7

 
NVIDIA CORPORATION AND SUBSIDIARIES
NOTES TO CONDENSED CONSOLIDATED FINANCIAL STATEMENTS (Continued)
(Unaudited)
 

 
Adoption of New Accounting Pronouncements

On January 28, 2008, we adopted Statement of Financial Accounting Standards No. 157, or SFAS No. 157, Fair Value Measurements . SFAS No. 157 for all financial assets and financial liabilities recognized or disclosed at fair value in the financial statements. SFAS No. 157 establishes a framework for measuring fair value and expands disclosures about fair value measurements. The changes to current practice resulting from the application of SFAS No. 157 relate to the definition of fair value, the methods used to measure fair value, and the expanded disclosures about fair value measurements.  The adoption of SFAS No. 157 for financial assets and liabilities did not have a significant impact on our consolidated financial statements, and the resulting fair values calculated under SFAS No. 157 after adoption were not significantly different than the fair values that would have been calculated under previous guidance. Please refer to Note 16 of these Notes to the Condensed Consolidated Financial Statements for further details on our fair value measurements.

Additionally, in February 2008, the FASB issued FASB Staff Position No. FAS 157-2, or FSP No. 157-2, Effective Date of FASB Statement No. 157, to partially defer FASB Statement No. 157, Fair Value Measurements . FSP No. 157-2 defers the effective date of FAS 157 for non-financial assets and non-financial liabilities, except those that are recognized or disclosed at fair value in the financial statements on a recurring basis (at least annually), to fiscal years, and interim periods within those fiscal years, beginning after November 15, 2008. We do not believe the adoption of FSP 157-2 will have a material impact on our consolidated financial position, results of operations and cash flows.

On January 28, 2008, we adopted the Financial Accounting Standards Board, or FASB issued Statement of Financial Accounting Standards No. 159, or SFAS No. 159, The Fair Value Option for Financial Assets and Financial Liabilities. SFAS No. 159 permits companies to choose to measure certain financial instruments and certain other items at fair value using an instrument-by-instrument election. The standard requires that unrealized gains and losses on items for which the fair value option has been elected be reported in earnings. Under SFAS No. 159, we did not elect the fair value option for any of our assets and liabilities. The adoption of SFAS No. 159 did not have an impact on our consolidated financial statements.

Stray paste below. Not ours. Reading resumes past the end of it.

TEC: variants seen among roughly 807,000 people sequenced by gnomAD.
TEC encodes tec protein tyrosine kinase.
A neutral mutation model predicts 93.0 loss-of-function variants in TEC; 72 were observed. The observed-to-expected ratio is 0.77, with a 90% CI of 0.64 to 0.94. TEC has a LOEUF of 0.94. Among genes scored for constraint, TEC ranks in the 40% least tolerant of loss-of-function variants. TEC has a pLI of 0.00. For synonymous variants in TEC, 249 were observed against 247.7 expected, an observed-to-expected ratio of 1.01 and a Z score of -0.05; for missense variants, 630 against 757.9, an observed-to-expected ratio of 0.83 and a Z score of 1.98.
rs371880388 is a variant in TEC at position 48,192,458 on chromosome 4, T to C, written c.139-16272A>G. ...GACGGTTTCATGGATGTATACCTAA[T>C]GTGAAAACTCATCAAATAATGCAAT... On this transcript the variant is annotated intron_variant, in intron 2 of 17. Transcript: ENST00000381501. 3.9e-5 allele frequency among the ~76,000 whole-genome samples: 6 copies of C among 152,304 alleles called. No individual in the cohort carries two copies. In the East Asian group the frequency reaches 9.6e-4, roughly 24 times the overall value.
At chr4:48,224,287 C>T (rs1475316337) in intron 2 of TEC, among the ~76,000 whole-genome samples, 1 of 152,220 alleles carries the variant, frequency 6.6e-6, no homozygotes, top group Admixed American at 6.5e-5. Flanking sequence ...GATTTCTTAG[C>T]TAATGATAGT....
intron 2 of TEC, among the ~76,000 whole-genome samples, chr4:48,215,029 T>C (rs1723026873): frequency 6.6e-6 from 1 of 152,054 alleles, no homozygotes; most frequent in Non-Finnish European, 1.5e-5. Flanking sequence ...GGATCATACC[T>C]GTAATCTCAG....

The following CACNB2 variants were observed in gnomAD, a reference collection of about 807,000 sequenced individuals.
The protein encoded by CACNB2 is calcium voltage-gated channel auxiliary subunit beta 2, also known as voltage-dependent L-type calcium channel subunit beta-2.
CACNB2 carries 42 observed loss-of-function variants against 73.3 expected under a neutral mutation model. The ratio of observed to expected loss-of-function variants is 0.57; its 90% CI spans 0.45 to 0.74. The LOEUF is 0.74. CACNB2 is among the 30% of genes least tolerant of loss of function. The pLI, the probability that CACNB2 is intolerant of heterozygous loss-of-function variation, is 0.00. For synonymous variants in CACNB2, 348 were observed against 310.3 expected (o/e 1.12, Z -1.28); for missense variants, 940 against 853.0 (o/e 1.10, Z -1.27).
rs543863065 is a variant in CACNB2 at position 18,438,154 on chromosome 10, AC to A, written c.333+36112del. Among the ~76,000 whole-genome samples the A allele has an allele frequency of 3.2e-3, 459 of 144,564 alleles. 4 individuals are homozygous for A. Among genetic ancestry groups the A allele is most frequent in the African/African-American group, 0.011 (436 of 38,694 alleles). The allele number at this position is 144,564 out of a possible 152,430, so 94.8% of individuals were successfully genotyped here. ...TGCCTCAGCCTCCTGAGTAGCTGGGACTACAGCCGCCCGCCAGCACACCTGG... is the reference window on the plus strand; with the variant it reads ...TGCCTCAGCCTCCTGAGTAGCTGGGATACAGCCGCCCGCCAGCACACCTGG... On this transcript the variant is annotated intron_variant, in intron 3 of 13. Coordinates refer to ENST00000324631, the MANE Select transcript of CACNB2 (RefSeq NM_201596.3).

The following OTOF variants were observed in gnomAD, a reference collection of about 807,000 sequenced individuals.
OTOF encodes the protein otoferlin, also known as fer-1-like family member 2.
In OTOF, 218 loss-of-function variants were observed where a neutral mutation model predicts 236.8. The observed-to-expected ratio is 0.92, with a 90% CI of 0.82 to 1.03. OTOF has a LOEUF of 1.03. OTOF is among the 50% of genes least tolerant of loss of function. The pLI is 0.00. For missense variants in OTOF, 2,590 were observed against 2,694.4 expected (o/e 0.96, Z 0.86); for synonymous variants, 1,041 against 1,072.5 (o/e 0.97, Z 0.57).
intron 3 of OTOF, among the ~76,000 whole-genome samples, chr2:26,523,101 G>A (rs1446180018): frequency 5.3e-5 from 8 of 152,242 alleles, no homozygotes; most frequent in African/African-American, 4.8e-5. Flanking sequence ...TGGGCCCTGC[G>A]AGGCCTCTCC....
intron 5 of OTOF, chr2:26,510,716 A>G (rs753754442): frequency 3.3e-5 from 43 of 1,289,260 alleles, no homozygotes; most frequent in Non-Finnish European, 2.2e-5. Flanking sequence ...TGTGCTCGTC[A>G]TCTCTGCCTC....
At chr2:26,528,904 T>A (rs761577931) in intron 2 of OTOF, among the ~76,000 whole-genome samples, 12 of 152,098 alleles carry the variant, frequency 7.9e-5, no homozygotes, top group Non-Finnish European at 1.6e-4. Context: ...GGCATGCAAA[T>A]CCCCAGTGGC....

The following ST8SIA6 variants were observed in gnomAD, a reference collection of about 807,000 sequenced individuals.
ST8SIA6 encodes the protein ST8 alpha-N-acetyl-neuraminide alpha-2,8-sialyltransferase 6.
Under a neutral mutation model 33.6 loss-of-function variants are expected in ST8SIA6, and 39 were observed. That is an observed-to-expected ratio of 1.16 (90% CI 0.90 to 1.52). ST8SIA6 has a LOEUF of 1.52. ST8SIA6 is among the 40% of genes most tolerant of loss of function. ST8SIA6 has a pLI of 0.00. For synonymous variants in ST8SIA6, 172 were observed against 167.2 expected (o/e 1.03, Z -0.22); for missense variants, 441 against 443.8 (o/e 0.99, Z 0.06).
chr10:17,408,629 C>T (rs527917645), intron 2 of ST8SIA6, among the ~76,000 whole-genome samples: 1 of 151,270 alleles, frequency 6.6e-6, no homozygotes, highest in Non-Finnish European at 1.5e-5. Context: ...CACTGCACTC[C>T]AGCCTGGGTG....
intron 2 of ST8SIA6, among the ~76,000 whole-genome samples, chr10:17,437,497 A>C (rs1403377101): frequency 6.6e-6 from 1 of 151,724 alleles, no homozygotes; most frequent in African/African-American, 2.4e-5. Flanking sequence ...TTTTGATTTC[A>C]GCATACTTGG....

In June 2007, the FASB ratified Emerging Issues Task Force Issue No. 07-3, or EITF 07-3, Accounting for Nonrefundable Advance Payments for Goods or Services to Be Used in Future Research and Development Activities . EITF 07-3 requires non-refundable advance payments for goods and services to be used in future research and development activities to be recorded as an asset and the payments to be expensed when the research and development activities are performed. We adopted the provisions of EITF 07-3 beginning with our fiscal quarter ended April 27, 2008. The adoption of EITF 07-3 did not have any impact on our consolidated financial position, results of operations and cash flows.